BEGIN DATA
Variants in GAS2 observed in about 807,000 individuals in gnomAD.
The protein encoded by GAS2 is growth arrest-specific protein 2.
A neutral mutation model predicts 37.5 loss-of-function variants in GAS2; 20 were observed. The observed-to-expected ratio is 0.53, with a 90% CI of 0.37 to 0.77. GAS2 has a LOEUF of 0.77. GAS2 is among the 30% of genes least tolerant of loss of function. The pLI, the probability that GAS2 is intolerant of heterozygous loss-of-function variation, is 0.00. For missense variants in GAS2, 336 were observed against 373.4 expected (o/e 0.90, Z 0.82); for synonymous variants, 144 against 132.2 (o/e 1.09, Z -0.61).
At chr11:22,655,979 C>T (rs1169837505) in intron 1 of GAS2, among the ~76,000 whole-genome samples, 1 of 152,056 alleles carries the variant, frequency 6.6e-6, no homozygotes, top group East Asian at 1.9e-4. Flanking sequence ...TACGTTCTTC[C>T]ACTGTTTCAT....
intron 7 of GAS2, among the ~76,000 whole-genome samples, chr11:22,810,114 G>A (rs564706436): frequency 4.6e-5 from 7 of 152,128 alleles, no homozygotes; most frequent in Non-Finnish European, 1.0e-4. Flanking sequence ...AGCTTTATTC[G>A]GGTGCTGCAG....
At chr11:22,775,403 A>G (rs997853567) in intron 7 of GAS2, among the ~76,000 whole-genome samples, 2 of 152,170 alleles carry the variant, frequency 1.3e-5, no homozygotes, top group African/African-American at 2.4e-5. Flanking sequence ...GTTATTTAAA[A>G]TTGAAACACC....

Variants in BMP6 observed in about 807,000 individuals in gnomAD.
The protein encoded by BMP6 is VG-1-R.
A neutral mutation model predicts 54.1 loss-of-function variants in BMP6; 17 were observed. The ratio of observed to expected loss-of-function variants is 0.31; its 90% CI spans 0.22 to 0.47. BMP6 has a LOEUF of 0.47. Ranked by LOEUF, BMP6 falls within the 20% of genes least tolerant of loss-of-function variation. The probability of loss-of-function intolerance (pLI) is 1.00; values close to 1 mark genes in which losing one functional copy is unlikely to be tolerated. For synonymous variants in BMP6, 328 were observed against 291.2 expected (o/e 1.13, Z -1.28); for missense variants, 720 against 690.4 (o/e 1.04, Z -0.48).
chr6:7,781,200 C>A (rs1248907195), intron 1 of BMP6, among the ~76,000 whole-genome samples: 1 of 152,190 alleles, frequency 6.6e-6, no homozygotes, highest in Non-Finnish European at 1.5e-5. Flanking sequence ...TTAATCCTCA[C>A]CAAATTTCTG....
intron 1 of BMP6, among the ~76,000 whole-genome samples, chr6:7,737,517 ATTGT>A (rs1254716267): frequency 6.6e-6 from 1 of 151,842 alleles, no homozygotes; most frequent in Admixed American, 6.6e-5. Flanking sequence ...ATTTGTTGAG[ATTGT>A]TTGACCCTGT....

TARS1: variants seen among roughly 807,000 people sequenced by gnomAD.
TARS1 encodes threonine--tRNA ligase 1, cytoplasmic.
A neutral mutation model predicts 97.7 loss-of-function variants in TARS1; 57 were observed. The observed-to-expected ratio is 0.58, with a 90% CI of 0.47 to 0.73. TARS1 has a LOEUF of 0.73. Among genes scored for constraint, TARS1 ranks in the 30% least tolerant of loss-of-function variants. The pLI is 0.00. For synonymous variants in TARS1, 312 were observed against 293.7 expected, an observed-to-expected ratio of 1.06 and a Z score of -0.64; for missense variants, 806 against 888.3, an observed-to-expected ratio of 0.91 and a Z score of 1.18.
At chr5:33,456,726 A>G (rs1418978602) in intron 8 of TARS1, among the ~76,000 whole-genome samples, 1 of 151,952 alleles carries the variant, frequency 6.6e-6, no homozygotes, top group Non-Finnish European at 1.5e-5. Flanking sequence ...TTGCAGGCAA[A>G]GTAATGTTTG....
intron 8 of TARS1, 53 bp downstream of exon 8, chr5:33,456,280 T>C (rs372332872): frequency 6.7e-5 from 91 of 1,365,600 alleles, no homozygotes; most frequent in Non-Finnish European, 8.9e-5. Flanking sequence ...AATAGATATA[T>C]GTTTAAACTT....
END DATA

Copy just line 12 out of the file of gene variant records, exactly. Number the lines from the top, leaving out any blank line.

TARS1: variants seen among roughly 807,000 people sequenced by gnomAD.